Malware Campaign Cyber-Espionage or Cyber-Crime?

A malware campaign that infected government computers with the Zeus Trojan has prompted some to ask whether this is an example of cyber-espionage.

The crew behind the Kneber botnet that made headlines last year may have surfaced again in a malware campaign targeting employees of various governments.

The botnet, which pushes out the Zeus Trojan, was spotted around Christmas time spamming out malware through a phony holiday message from the White House. Those who received the card and either clicked on a link to an e-card or opened a malicious attachment were compromised.

That Zeus was stealing data will come as no surprise to anyone familiar with the Trojan; but the idea that a piece of malware most commonly associated with swiping banking credentials was after documents raised some eyebrows.

According to security blogger Brian Krebs, the botnet operators were able to get their hands on more than 2 gigabytes of PDFs, Microsoft Word and Excel documents from dozens of victims, including an employee at the U.S. National Science Foundation's Office of Cyberinfrastructure and an official with the Moroccan government's Ministry of Industry, Commerce and New Technologies.

"A targeted-attack against government employees with an add-on that specifically steals documents (Excel files, Word files and PDFs) is not typically the MO of ZeuS operators," opined Alex Cox, principal research analyst at NetWitness. "They tend to focus on banking credentials, so that makes it unusual."

Last February, researchers at NetWitness reported uncovering a 75,000-strong botnet built on the back of Zeus. The botnet was dubbed "Kneber" due to a username linking the infected systems, and stole not only banking information, but also credentials for social networks such as Facebook and hi5.

"Success in the botnet world is often measured by infection percentages, so as an operator...getting a large quantity of official documents makes it that much easier to craft a better attack the next time, because I have insider information, jargon and acronyms that may help me 'legitimize' my attack," Cox said. "I can also sell these documents from a purely information gathering standpoint to interested parties."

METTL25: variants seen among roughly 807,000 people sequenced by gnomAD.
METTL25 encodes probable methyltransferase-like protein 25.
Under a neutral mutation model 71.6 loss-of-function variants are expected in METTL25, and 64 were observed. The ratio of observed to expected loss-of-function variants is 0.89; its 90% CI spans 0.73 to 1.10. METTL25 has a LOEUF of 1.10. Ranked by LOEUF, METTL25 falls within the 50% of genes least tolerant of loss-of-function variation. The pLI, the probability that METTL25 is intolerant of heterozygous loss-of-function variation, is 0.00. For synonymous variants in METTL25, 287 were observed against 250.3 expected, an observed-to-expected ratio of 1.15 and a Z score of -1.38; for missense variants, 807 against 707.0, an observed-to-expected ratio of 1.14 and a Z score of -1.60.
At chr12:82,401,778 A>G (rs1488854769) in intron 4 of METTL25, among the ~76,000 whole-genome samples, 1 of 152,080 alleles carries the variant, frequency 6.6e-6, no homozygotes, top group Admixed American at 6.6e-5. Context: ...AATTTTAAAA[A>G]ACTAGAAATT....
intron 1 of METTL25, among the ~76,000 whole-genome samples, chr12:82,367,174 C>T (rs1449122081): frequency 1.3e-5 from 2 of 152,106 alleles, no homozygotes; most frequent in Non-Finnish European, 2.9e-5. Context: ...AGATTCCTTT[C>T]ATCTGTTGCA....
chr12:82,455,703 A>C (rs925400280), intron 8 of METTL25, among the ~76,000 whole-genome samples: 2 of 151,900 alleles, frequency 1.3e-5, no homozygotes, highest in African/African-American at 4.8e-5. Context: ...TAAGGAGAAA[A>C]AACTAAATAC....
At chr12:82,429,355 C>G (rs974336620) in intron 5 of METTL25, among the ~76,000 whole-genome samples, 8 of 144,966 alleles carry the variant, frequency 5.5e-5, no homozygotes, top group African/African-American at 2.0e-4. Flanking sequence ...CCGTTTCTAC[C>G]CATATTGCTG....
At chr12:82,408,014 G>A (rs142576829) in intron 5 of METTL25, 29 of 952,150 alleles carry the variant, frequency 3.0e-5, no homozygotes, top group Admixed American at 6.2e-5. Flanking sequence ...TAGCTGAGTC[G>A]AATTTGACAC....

Mary Landesman, senior security researcher for Cisco Security Intelligence Operations, noted that while Zeus typically pilfers banking information, there are numerous examples of it being used to steal intellectual property as well.

"Primary targets of Zeus-enabled intellectual property theft have been members of the U.S. Government and military," she said. "Most of this has come about as a result of spear phishing-style e-mail that purports to be from someone they know, i.e. spoofing some government official/agency."

According to an analysis by NetWitness, the recent spam downloaded a second-stage executable called 'pack.exe.' The executable searched the compromised PC for xls, doc and PDF files and uploaded the information to a server based in Belarus that resolved to '' The botnet detailed in February meanwhile had a second-stage executable known as 'stat.exe' that searched for the files and sent them to a server also based in Belarus. Both stat.exe and pack.exe were revealed to be perl scripts that had been converted to executables with the perl2exe tool.

"This, because it is such a small and fairly unknown aspect of the kneber compromise, makes us think that this is indeed the same operator, who is again after documents pertaining to U.S. Government activities," Cox blogged. "This evidence shows the continuing convergence of cyber-crime and cyber-espionage activities, and how they occasionally mirror or play off one another."

Zeus remains popular in the cyber-underground. In October, security researchers told eWEEK that the price tag for Zeus can be in the thousands.

"Though Zeus is well known to the security industry, new variants are constantly introduced which can, at least temporarily, defeat signature-based scanners," Landesman said.